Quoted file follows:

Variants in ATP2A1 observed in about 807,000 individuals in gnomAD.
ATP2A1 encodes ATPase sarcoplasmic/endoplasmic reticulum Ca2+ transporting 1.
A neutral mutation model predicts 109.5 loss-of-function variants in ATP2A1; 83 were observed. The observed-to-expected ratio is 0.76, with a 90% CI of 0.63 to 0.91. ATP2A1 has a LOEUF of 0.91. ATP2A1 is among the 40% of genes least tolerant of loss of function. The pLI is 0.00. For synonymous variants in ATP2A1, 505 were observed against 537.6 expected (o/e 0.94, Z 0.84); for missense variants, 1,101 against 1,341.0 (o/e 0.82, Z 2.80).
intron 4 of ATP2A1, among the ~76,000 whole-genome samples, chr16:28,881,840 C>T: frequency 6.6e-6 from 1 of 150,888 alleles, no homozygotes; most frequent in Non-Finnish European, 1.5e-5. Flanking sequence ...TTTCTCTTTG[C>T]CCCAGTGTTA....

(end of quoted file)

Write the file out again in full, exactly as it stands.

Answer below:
Variants in ATP2A1 observed in about 807,000 individuals in gnomAD.
ATP2A1 encodes ATPase sarcoplasmic/endoplasmic reticulum Ca2+ transporting 1.
A neutral mutation model predicts 109.5 loss-of-function variants in ATP2A1; 83 were observed. The observed-to-expected ratio is 0.76, with a 90% CI of 0.63 to 0.91. ATP2A1 has a LOEUF of 0.91. ATP2A1 is among the 40% of genes least tolerant of loss of function. The pLI is 0.00. For synonymous variants in ATP2A1, 505 were observed against 537.6 expected (o/e 0.94, Z 0.84); for missense variants, 1,101 against 1,341.0 (o/e 0.82, Z 2.80).
intron 4 of ATP2A1, among the ~76,000 whole-genome samples, chr16:28,881,840 C>T: frequency 6.6e-6 from 1 of 150,888 alleles, no homozygotes; most frequent in Non-Finnish European, 1.5e-5. Flanking sequence ...TTTCTCTTTG[C>T]CCCAGTGTTA....